Garry on Monday responded to Strickland’s recent comments about he and his wife, Layla Machado Garry, and detailed his side of a run-in at the UFC Performance Institute that the champ revealed in one of several verbal shots.
“I would say it was a scene,” Garry said Monday on The MMA Hour. “It was more of a glance, and him being shuffled into a lift, and that was it. And he had a little snicker on his face, and I shouted something at him — I don’t know what I shouted at him, but I shouted something at him before I even had a chance to think.
“My body went straight into fight mode, and then the doors closed. There was nothing much to it, to be honest.”
Strickland’s version agreed with Garry’s in that the UFC prevented a physical confrontation with the standout welterweight, who Strickland called a “f****** cuck” and a “f****** funny little dweeb.” In his typical way, the middleweight champ mixed insults with backhanded compliments, saying he liked Garry and thought he was “a dumbass f****** kid who got some p**** that was too good for him and it got in his head and it f***** you up.”
As Garry noted, he had a gut response to Strickland at the UFC PI, and while he couldn’t remember what it was, it probably wasn’t a verbal olive branch. He isn’t sure what would have happened had he gotten close to Strickland, but one thing he wouldn’t have done was throw down.
“I would have f****** talked to him, for sure,” Garry said. “I don’t know. See, this is the thing, I’m not going to start throwing hands with the bloke, because I’m a better person than that, and I would like to be above all the s*** that was said, and just sit there and be to him, ‘I feel sorry for you, man. I feel sorry for you — I feel sorry that all this s*** has you that hurt that you’re attacking everybody else.’
“I feel like that’s what I’d like to say — what I would have said, I don’t know.”
Garry later addressed Strickland in response to the middleweight champ’s emotional interview with Theo Von, pointing out the hypocrisy in declaring talk of child abuse off the table while attacking he and his family.
If Garry had one point he wanted to get across, it’s that Strickland’s behavior is more than distasteful — it’s wrong.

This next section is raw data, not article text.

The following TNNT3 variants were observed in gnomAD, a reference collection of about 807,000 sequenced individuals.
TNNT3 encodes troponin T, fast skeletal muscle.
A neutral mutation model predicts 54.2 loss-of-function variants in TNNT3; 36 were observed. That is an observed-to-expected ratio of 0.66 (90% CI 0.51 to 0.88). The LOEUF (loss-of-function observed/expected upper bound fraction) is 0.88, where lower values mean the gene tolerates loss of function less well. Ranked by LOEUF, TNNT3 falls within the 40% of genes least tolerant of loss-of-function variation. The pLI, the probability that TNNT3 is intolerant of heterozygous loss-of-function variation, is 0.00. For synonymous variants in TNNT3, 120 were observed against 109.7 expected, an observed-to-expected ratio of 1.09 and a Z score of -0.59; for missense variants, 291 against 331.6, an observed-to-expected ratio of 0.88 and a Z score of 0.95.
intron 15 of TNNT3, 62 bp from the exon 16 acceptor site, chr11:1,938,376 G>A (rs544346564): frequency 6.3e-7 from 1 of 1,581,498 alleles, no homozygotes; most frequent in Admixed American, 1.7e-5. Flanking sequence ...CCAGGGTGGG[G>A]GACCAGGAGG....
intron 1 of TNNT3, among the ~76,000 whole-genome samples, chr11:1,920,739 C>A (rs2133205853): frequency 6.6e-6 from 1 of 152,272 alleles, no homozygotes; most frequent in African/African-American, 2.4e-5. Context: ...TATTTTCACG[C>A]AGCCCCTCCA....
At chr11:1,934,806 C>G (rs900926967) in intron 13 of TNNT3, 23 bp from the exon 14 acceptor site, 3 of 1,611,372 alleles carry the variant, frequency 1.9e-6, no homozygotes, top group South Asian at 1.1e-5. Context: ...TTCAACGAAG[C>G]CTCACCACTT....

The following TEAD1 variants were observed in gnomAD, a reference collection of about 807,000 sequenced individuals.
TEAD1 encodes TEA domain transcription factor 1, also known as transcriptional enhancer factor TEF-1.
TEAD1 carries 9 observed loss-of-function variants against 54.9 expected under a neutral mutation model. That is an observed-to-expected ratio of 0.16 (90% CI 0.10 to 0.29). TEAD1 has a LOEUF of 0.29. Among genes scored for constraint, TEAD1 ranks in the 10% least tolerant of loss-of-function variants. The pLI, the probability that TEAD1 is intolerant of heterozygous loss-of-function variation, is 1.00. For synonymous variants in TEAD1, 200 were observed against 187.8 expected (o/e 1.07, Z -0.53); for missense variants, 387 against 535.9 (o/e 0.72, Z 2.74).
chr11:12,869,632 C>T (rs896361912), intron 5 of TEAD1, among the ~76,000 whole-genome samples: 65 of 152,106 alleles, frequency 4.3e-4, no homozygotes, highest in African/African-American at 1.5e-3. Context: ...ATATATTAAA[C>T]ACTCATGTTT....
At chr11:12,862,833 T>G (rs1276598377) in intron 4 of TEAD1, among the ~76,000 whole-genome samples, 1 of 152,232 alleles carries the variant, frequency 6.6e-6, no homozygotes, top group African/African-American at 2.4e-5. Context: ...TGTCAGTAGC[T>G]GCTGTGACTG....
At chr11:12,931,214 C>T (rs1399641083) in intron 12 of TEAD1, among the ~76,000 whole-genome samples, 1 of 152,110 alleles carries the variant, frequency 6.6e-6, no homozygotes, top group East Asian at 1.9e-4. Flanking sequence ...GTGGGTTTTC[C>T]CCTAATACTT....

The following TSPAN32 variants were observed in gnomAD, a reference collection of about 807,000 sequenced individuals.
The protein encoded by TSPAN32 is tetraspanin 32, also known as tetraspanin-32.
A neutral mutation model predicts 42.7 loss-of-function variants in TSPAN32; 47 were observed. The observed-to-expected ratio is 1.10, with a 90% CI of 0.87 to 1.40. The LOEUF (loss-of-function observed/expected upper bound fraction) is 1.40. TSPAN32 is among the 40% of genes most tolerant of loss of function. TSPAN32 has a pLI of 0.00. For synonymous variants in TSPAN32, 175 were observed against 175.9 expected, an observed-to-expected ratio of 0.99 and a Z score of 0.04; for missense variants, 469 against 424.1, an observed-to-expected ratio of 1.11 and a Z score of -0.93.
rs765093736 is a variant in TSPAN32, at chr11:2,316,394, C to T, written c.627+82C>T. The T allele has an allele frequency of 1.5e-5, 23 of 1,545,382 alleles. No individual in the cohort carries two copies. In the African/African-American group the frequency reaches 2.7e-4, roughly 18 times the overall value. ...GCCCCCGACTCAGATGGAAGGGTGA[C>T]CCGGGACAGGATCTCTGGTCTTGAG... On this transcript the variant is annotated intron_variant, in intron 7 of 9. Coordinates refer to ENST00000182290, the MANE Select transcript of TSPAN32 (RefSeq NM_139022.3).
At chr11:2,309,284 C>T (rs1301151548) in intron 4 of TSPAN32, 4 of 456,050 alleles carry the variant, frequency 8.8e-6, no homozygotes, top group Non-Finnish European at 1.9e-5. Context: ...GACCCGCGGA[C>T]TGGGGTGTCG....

“I don’t personally care what happened in his childhood, or what happened in his past that has him the way he is now,” Garry said. “I don’t care what happened in your past. Don’t attack and project your pain onto other people, or other people’s families, because you can’t deal with it correctly.
“The UFC PI has mental health and has ways to deal with athletes’ mental health. Go talk to them and deal with it the way it should be dealt with — talk about it. Get rid of it, express it, release it, because to attack other people’s families and other people’s loved ones because you have childhood trauma, it’s completely unfair. It’s inexcusable. You don’t have a reason to attack other people because you are in pain. That’s my outlook on it.”
Garry has done a lot of processing about Strickland and the wave of negative attention directed at he and his family. The experience hasn’t been a pleasant one, but it’s been necessary to move forward in a positive way. For him, that means eventually making Strickland answer for his words in the octagon.
In the meantime, he would suggest Strickland find some other way to promote fights, because the champ is already finding out what it means to be on the receiving end of toxic talk.
“Don’t speak in that manner about anybody else on the planet,” Garry said. ”Deal with your issues first, and if I was someone who was throwing stones in the glass house vibes, protect your house first before you start throwing them at other people.”